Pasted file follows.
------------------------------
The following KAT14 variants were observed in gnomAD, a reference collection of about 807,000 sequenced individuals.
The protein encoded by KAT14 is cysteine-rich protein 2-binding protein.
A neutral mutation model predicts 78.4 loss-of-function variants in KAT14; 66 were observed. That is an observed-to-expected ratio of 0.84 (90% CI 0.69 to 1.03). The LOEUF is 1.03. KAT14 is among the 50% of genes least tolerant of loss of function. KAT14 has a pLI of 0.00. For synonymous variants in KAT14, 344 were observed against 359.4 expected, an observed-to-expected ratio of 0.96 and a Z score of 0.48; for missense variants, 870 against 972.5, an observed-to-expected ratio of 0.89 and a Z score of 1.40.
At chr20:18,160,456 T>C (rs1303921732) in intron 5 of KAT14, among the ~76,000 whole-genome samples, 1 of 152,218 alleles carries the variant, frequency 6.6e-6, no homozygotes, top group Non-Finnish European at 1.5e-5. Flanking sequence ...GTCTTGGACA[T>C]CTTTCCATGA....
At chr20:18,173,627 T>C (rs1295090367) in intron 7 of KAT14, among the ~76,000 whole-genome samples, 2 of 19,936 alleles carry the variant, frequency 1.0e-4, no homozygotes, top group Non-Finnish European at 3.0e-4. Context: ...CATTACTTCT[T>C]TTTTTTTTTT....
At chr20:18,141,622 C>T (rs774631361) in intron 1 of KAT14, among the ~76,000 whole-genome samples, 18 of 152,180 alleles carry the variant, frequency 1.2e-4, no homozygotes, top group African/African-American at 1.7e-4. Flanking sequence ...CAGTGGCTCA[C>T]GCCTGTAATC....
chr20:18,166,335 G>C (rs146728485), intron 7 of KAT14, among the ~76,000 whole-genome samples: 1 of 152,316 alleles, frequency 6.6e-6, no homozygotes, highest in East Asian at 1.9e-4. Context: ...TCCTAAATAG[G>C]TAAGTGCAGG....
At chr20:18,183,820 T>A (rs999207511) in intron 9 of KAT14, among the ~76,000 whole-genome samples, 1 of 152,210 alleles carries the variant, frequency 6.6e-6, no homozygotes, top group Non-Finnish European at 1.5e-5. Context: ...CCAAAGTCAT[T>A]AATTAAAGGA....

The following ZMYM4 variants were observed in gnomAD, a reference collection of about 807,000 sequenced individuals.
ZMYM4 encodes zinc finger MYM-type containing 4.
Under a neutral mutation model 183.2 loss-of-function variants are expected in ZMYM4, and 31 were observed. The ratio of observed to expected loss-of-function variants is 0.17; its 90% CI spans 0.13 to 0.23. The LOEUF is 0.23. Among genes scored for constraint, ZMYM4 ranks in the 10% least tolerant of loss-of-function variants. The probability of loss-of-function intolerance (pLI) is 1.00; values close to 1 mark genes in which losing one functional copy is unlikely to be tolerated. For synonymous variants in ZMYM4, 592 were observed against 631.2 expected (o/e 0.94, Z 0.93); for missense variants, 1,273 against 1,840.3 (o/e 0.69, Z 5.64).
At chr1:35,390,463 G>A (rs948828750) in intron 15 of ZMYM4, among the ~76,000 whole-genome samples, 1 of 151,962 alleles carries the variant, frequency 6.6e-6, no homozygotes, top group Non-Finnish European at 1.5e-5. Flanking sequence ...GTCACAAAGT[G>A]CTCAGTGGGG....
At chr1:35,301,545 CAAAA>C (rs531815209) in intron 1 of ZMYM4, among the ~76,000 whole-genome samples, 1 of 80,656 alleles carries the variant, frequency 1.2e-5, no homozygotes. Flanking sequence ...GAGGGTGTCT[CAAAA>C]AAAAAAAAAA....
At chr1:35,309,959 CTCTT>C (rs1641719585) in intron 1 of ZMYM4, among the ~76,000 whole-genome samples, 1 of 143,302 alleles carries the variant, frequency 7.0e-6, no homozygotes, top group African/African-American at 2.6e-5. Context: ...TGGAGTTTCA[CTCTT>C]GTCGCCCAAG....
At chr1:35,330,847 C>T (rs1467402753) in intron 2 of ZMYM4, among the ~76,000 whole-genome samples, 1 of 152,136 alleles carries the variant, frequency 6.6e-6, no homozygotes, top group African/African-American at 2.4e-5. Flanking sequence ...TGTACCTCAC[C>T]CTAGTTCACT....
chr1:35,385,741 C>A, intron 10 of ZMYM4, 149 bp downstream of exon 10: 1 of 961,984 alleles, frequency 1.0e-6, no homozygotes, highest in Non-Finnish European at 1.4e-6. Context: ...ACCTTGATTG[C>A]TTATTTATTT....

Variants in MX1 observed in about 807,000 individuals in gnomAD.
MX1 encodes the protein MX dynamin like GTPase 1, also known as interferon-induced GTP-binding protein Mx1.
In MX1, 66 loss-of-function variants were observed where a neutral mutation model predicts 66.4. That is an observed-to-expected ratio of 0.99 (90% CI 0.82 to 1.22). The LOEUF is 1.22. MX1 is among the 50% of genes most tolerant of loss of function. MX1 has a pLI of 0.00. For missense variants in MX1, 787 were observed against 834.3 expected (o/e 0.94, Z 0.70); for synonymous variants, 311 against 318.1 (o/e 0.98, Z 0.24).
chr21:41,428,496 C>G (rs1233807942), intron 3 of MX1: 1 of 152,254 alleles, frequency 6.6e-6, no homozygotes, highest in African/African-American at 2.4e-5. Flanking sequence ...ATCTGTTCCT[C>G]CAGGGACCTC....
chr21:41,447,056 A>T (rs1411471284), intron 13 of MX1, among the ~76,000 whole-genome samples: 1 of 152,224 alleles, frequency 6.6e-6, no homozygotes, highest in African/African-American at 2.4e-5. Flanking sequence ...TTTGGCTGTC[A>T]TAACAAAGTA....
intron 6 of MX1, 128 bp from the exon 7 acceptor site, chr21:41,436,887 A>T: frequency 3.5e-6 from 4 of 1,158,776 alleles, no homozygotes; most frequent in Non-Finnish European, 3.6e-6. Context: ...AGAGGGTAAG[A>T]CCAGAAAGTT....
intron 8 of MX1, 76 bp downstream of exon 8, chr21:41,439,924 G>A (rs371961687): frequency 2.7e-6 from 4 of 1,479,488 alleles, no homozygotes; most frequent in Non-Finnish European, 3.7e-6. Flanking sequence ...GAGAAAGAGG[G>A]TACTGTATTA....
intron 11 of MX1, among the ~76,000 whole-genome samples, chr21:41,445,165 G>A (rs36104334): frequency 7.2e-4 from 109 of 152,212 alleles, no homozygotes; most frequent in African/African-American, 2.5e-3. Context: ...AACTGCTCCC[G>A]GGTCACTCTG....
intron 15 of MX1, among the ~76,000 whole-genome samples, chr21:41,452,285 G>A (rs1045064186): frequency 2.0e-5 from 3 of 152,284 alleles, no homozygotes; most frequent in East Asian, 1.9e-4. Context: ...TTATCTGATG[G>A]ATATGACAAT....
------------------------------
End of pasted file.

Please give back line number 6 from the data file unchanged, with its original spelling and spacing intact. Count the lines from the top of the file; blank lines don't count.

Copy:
At chr20:18,141,622 C>T (rs774631361) in intron 1 of KAT14, among the ~76,000 whole-genome samples, 18 of 152,180 alleles carry the variant, frequency 1.2e-4, no homozygotes, top group African/African-American at 1.7e-4. Flanking sequence ...CAGTGGCTCA[C>T]GCCTGTAATC....